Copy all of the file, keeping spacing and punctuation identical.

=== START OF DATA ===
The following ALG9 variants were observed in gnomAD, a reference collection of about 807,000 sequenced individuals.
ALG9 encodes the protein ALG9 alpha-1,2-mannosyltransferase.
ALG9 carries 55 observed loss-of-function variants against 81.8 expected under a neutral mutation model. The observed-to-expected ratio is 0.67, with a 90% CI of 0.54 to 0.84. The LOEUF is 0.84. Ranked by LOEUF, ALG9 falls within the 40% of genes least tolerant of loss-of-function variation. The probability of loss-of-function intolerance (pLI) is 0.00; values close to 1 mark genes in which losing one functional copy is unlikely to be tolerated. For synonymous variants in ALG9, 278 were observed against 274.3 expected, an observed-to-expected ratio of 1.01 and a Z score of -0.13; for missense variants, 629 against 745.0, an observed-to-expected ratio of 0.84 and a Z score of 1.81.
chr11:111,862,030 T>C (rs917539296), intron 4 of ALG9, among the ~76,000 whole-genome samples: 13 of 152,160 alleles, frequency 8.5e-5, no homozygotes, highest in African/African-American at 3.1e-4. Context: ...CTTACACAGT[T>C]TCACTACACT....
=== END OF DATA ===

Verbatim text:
The following ALG9 variants were observed in gnomAD, a reference collection of about 807,000 sequenced individuals.
ALG9 encodes the protein ALG9 alpha-1,2-mannosyltransferase.
ALG9 carries 55 observed loss-of-function variants against 81.8 expected under a neutral mutation model. The observed-to-expected ratio is 0.67, with a 90% CI of 0.54 to 0.84. The LOEUF is 0.84. Ranked by LOEUF, ALG9 falls within the 40% of genes least tolerant of loss-of-function variation. The probability of loss-of-function intolerance (pLI) is 0.00; values close to 1 mark genes in which losing one functional copy is unlikely to be tolerated. For synonymous variants in ALG9, 278 were observed against 274.3 expected, an observed-to-expected ratio of 1.01 and a Z score of -0.13; for missense variants, 629 against 745.0, an observed-to-expected ratio of 0.84 and a Z score of 1.81.
chr11:111,862,030 T>C (rs917539296), intron 4 of ALG9, among the ~76,000 whole-genome samples: 13 of 152,160 alleles, frequency 8.5e-5, no homozygotes, highest in African/African-American at 3.1e-4. Context: ...CTTACACAGT[T>C]TCACTACACT....